Transition to School

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Kids with developmental disabilities playing with developing toys while sitting at the desk in daycare center

When I first started writing articles for our newsletter, I wrote one on transition – specifically about transitioning from K-12 school to the adult world. The word transition, however, applies to any change or shift from one thing to another. The transition I have been learning more about lately is the transition into school, be it a new grade, a new building, or a new community. As I have seen the worries about a new place through the eyes of my granddaughter (O.K. – my worries too), I have reflected on the added stress that a child (and their care givers) with a disability may face.

How can adults (caregivers and school staff) support the anxieties of a student experiencing transition? If you have recently sent your loved one to school for the first time, back to school, or are transitioning into special education services, here are some things to think about. If you are the educator receiving this precious package, these are good reminders well.

  • First and foremost, establish a relationship with the teacher. Teachers love parents who are involved, and it makes a child feel more secure when they know you work together. Out of respect for the teacher’s time, make sure you identify the preferred way to communicate (is it an app, email, phone call, etc.).
  • Developing morning/bedtime routines increases a child’s (and adults) comfort level. Using a visual schedule or checklist that is followed each morning/night (don’t forget to do one for delay schedules and late start schedules) reduces anxiety. Picking out clothes the night before is definitely a win the next morning.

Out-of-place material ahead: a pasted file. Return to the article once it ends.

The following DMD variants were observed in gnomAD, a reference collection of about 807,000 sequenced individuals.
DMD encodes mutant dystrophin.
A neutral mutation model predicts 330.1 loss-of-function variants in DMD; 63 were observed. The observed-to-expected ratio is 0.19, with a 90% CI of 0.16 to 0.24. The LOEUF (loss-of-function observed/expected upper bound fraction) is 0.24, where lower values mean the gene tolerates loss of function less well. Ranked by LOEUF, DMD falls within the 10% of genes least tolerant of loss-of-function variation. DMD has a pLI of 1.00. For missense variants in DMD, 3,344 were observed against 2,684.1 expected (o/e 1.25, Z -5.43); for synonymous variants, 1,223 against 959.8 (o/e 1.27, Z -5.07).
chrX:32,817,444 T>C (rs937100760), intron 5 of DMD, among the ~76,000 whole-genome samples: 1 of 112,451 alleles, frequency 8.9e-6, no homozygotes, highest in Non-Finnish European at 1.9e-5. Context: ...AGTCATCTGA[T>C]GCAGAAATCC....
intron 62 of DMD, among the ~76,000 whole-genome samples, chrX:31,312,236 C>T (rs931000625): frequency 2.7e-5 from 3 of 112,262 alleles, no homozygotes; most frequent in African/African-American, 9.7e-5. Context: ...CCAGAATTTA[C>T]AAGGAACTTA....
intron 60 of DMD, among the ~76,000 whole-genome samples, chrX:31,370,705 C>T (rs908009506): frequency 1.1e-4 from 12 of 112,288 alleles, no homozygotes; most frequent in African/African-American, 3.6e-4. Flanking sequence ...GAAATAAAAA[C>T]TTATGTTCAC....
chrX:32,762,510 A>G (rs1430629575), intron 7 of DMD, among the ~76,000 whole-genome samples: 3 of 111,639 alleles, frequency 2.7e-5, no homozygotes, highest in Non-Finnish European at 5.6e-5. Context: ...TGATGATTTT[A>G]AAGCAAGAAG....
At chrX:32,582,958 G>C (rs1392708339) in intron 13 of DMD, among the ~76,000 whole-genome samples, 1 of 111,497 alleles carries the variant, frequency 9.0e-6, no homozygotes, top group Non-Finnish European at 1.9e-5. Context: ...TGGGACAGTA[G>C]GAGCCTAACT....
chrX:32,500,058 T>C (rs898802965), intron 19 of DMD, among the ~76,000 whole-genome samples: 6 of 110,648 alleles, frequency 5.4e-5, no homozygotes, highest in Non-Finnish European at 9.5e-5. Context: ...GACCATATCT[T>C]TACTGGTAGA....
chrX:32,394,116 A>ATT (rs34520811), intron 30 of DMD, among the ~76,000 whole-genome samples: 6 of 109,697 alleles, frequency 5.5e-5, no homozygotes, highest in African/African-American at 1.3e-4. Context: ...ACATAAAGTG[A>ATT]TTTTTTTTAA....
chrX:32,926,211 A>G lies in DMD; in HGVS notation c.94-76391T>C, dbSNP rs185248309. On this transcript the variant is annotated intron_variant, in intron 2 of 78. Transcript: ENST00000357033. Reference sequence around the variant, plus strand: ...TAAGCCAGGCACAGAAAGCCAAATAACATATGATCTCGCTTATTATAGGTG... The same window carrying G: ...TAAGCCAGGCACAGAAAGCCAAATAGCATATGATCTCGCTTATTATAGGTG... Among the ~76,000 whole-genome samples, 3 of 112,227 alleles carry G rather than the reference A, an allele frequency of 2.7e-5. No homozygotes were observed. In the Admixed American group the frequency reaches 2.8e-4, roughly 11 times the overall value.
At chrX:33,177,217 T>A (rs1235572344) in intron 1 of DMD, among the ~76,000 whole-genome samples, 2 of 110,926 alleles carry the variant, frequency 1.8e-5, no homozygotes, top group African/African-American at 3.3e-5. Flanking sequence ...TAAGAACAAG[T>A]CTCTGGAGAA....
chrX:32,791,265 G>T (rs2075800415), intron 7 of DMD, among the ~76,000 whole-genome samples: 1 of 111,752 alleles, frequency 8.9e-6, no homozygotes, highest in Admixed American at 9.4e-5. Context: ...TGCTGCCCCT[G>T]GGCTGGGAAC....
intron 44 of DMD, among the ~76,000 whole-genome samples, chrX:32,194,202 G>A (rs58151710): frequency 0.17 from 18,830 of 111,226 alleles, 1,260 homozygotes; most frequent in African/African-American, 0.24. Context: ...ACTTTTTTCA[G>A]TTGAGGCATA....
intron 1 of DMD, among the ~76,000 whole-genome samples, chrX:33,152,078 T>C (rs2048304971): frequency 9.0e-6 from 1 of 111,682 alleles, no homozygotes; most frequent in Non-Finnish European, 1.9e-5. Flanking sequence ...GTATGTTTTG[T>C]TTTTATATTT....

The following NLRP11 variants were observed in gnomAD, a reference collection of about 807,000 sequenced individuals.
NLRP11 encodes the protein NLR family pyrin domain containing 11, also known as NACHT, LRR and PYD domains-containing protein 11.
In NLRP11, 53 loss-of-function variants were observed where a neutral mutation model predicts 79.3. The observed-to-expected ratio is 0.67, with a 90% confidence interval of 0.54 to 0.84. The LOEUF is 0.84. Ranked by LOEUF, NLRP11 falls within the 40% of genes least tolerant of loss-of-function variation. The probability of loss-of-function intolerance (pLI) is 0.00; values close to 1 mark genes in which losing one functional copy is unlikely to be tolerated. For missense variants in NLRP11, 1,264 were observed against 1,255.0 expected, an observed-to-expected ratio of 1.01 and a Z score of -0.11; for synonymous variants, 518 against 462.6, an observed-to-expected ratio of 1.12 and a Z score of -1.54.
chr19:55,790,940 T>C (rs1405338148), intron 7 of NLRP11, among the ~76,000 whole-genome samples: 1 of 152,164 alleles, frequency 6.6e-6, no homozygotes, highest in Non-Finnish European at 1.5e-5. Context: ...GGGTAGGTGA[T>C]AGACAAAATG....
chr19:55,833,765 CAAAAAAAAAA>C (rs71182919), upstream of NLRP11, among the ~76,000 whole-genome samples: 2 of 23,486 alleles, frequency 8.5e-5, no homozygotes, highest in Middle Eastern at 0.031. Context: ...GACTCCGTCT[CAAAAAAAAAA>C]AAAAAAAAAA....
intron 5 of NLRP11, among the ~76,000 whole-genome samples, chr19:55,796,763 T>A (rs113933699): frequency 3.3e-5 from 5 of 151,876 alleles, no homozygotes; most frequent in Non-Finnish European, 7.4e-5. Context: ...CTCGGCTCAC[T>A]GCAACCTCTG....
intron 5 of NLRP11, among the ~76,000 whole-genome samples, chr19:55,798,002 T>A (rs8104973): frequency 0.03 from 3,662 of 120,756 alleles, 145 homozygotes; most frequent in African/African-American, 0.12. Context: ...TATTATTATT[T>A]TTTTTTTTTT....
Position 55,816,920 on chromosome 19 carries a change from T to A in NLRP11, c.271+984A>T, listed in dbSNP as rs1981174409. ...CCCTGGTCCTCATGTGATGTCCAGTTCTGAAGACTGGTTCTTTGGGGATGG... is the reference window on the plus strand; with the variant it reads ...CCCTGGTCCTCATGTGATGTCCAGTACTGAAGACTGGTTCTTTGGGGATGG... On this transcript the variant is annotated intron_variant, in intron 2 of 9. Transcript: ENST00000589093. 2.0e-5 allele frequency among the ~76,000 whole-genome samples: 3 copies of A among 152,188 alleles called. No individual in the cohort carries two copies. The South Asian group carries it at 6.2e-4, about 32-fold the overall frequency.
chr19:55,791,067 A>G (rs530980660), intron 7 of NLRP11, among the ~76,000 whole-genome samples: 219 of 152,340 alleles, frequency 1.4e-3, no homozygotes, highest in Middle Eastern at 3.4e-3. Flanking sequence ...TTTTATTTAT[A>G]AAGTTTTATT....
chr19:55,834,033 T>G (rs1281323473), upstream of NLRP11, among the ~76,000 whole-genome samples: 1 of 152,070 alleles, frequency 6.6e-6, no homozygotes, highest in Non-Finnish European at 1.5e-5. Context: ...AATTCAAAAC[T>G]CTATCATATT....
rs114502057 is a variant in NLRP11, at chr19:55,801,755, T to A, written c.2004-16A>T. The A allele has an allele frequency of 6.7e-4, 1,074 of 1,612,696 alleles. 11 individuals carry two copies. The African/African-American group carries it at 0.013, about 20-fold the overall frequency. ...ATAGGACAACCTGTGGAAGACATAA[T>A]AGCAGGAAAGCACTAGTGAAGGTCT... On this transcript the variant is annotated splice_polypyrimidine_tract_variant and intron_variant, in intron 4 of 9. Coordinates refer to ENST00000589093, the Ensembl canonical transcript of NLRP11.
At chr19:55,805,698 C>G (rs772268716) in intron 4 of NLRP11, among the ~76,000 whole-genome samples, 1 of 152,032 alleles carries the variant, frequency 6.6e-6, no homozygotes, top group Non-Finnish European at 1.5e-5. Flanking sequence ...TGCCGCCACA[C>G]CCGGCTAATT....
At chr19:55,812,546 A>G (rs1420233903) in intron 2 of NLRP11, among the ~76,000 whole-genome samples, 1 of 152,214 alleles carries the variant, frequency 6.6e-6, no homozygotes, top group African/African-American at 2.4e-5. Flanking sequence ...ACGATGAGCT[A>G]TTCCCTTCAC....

• Discussing lunch the night before is another way to help with new transitions. Is your child going to eat at school or pack? If packing, having them help you pack the night before decreases the sometimes stressful decision making during the rush of the morning.
  • When worrying about how a child will navigate school, social situations usually rise to the top. Find out if there is a buddy program at school. Get to know other parents in the classroom and their children. Determine adults in the building available if there are any social or behavioral need.
  • Talk positive about school with your child. Not every parent has had a positive relationship with schools in their past. That does not mean school won’t be positive for a child. Kids feel and feed on adult emotions. When we are excited about what the day will bring, it helps children feel the same excitement.

Regardless of the transition a loved one in your life might be making, being prepared, proactive and positive, can make a difference.

HAPPY BACK TO SCHOOL TIME to all students, caregivers, and school staff!